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The purpose of this study is to determine whether an intravenous infusion of dexmedetomidine administered to surgical patients intra-operatively will improve the characteristics of sleep post-operatively.
Physiological similarities exist between the anesthetized state and sleep. Pathways within the brain controlling sleep and wakefulness are also affected by anesthesia. One significant difference between the states of anesthesia and sleep is the ability to respond whenever a relatively mild stimulus is applied, e.g. verbal command or gently shaking. Interestingly, this feature of arousability is seen when dexmedetomidine is used for sedation but is absent when alternative intravenous anesthetic agents, e.g. propofol, are used to provide similar degree of sedation. Recent studies have shown that dexmedetomidine acts on receptors located within the locus ceruleus, which are responsible for both sleep and anesthesia.
During a recent study volunteers received an infusion of dexmedetomidine during the afternoon prior to remaining under study conditions for the duration of the night. The study was not designed to measure sleep but anecdotal reporting from the participants suggested that they were able to resume their normal day’s activities whilst the subject receiving placebo felt extremely fatigued from lack of sleep. This prompted the establishment of a pilot study to determine if dexmedetomidine could provide restorative sleep to people under disturbed sleep conditions i.e. postoperative patients.
Allocation: Randomized, Control: Active Control, Endpoint Classification: Efficacy Study, Intervention Model: Single Group Assignment, Masking: Double-Blind, Primary Purpose: Treatment
Dexmedetomidine, Propofol, Midazolam, Fentanyl, Isoflurane
Duke University Medical Center
Published on BioPortfolio: 2014-08-27T03:44:19-0400
The purpose of this study was to evaluate effects, safety and cost of midazolam used alone or sequential use of midazolam and propofol/dexmedetomidine for long-term sedation in critically ...
This is a randomized controlled trial to compare propofol to dexmedetomidine for prolonged sedation (> 24 hours) in critically ill patients who require mechanical ventilation.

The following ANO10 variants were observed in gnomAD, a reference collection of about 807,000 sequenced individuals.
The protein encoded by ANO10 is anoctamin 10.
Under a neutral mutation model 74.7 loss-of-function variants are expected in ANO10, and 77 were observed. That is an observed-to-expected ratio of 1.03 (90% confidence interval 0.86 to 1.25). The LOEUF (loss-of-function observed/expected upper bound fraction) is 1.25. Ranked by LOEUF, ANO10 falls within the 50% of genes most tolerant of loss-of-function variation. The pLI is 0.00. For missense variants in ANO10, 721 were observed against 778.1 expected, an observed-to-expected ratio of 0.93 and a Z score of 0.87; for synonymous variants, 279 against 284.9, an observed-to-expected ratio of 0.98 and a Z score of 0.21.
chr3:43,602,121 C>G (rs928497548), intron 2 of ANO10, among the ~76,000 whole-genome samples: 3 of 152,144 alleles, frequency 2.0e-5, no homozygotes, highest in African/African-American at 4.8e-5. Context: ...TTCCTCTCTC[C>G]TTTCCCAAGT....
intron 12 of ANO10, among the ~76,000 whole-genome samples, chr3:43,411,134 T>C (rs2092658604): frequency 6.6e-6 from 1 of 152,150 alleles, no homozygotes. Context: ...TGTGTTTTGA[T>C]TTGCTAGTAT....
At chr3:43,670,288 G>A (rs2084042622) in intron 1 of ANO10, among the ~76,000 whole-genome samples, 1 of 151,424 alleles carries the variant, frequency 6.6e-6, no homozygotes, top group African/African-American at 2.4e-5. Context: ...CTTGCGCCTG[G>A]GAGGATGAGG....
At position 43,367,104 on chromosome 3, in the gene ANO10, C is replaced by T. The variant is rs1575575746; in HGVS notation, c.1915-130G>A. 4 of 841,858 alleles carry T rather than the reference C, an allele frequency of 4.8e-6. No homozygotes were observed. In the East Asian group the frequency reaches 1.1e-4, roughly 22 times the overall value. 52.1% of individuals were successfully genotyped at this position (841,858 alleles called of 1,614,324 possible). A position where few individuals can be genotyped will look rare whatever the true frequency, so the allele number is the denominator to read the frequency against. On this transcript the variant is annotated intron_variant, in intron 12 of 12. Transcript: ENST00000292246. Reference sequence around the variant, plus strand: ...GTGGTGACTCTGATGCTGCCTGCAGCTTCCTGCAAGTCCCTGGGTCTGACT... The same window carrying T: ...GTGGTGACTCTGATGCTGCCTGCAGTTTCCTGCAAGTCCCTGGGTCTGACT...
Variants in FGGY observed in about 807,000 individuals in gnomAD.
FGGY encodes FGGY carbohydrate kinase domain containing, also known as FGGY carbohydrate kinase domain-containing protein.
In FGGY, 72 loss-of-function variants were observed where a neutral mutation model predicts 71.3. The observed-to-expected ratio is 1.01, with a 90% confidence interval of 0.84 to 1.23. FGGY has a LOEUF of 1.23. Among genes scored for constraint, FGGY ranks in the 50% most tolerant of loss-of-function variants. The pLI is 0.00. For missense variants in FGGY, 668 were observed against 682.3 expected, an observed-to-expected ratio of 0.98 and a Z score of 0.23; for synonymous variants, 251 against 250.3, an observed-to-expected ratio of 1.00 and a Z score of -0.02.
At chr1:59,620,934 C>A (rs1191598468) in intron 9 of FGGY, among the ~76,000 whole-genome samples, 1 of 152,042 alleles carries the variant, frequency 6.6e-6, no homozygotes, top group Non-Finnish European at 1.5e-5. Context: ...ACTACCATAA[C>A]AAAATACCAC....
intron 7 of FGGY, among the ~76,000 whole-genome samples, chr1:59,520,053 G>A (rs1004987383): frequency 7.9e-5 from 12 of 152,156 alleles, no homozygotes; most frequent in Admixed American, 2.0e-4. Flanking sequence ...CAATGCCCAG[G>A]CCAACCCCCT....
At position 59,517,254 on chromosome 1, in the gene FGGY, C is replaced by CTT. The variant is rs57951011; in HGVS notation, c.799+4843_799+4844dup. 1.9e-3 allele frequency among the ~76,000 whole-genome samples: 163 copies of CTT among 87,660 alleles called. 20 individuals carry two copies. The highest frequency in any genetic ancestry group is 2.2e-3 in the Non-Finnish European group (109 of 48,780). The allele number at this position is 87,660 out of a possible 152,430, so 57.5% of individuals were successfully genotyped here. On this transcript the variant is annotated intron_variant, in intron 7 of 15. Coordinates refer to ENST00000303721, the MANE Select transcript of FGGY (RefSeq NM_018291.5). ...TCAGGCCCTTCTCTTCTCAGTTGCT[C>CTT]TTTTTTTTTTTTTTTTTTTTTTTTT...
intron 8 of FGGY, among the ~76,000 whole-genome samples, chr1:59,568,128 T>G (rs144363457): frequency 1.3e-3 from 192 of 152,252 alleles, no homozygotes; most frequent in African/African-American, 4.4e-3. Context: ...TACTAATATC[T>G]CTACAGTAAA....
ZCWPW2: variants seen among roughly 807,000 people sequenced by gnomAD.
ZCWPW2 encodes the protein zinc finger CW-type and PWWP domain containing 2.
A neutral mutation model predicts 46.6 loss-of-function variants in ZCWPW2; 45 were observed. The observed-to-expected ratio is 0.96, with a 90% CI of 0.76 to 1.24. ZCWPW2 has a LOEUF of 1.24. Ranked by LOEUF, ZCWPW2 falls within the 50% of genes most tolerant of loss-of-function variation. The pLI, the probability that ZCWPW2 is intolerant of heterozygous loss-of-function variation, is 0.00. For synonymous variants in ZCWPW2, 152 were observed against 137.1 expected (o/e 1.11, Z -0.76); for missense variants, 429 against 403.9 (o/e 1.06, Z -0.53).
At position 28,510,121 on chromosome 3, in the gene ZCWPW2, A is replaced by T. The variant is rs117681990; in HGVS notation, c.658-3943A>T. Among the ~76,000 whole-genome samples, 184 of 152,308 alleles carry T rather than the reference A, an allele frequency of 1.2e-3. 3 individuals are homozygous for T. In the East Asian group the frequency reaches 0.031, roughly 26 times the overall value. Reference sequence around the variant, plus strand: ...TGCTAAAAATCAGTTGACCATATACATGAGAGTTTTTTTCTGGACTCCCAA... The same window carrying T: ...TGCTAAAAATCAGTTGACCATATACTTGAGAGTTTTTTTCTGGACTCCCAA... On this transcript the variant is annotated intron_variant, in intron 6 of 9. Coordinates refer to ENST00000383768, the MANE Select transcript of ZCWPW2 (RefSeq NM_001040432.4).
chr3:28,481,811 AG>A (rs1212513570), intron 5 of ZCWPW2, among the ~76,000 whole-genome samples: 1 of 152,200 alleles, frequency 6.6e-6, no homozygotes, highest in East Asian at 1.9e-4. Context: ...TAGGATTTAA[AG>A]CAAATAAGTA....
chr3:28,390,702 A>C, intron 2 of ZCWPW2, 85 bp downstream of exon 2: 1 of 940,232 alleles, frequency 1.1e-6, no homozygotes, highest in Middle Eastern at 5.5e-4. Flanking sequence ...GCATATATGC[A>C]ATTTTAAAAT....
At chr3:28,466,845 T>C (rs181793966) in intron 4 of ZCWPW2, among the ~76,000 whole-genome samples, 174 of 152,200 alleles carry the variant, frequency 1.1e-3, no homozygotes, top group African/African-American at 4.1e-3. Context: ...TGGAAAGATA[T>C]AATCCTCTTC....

Diagnostic bronchoscopy is an invasive procedure performed to diagnose respiratory diseases. But pain has been complained by most of the patients receiving such procedures. Sedation or ane...
Our hypothesis is that adding midazolam and/or fentanyl to propofol sedation for elective outpatient colonoscopy increases cognitive impairment at hospital discharge without improving intr...
The purpose of this study is to compare propofol associated with fentanyl versus midazolam plus fentanyl for sedation during diagnosis or therapeutic upper gastrointestinal endoscopy (UGE)...
Need for procedural sedation and analgesia (PSA) is felt in emergency department (ED) more and more each day. This study aimed to compare the effectiveness of low-dose fentanyl, propofol, midazolam, k...
The most appropriate sedative agent for conscious sedation in minor hysteroscopic surgeries is still unclear. Dexmedetomidine a sedative and analgesic agent, may be appropriate for outpatient procedur...
Admixtures of propofol-ketamine, propofol-ketamine-fentanyl, and propofol-ketamine-remifentanil were subjected to various clinically relevant conditions to study their chemical stability. A novel high...
Owing to its unpredictability, unexpected patient movement is one of the most important problems during surgery while under monitored anesthesia care with sedation. The purpose of this study was to co...
Drug-induced sleep endoscopy (DISE) has gained interest for upper airway evaluation in patients with snoring and obstructive sleep apnea (OSA), and different drugs have been used to induce sedation. N...
Periods of sleep manifested by changes in EEG activity and certain behavioral correlates; includes Stage 1: sleep onset, drowsy sleep; Stage 2: light sleep; Stages 3 and 4: delta sleep, light sleep, deep sleep, telencephalic sleep.
An intravenous anesthetic agent which has the advantage of a very rapid onset after infusion or bolus injection plus a very short recovery period of a couple of minutes. (From Smith and Reynard, Textbook of Pharmacology, 1992, 1st ed, p206). Propofol has been used as ANTICONVULSANTS and ANTIEMETICS.
A potent narcotic analgesic, abuse of which leads to habituation or addiction. It is primarily a mu-opioid agonist. Fentanyl is also used as an adjunct to general anesthetics, and as an anesthetic for induction and maintenance. (From Martindale, The Extra Pharmacopoeia, 30th ed, p1078)
Rare and often fatal drug complication which affects patients undergoing long-term treatment with high doses of PROPOFOL. It is characterized by METABOLIC ACIDOSIS; HYPERLIPIDEMIA; RHABDOMYOLYSIS; cardiovascular CIRCULATORY COLLAPSE; CARDIAC FAILURE; and KIDNEY FAILURE.
Dyssomnias (i.e., insomnias or hypersomnias) associated with dysfunction of internal sleep mechanisms or secondary to a sleep-related medical disorder (e.g., sleep apnea, post-traumatic sleep disorders, etc.). (From Thorpy, Sleep Disorders Medicine, 1994, p187)
Surgery is a technology consisting of a physical intervention on tissues. All forms of surgery are considered invasive procedures; so-called "noninvasive surgery" usually refers to an excision that does not penetrate the structure being exci...
Sleep disorders disrupt sleep during the night, or cause sleepiness during the day, caused by physiological or psychological factors. The common ones include snoring and sleep apnea, insomnia, parasomnias, sleep paralysis, restless legs syndrome, circa...
Of all the types of Dementia, Alzheimer's disease is the most common, affecting around 465,000 people in the UK. Neurons in the brain die, becuase 'plaques' and 'tangles' (mis-folded proteins) form in the brain. People with Al...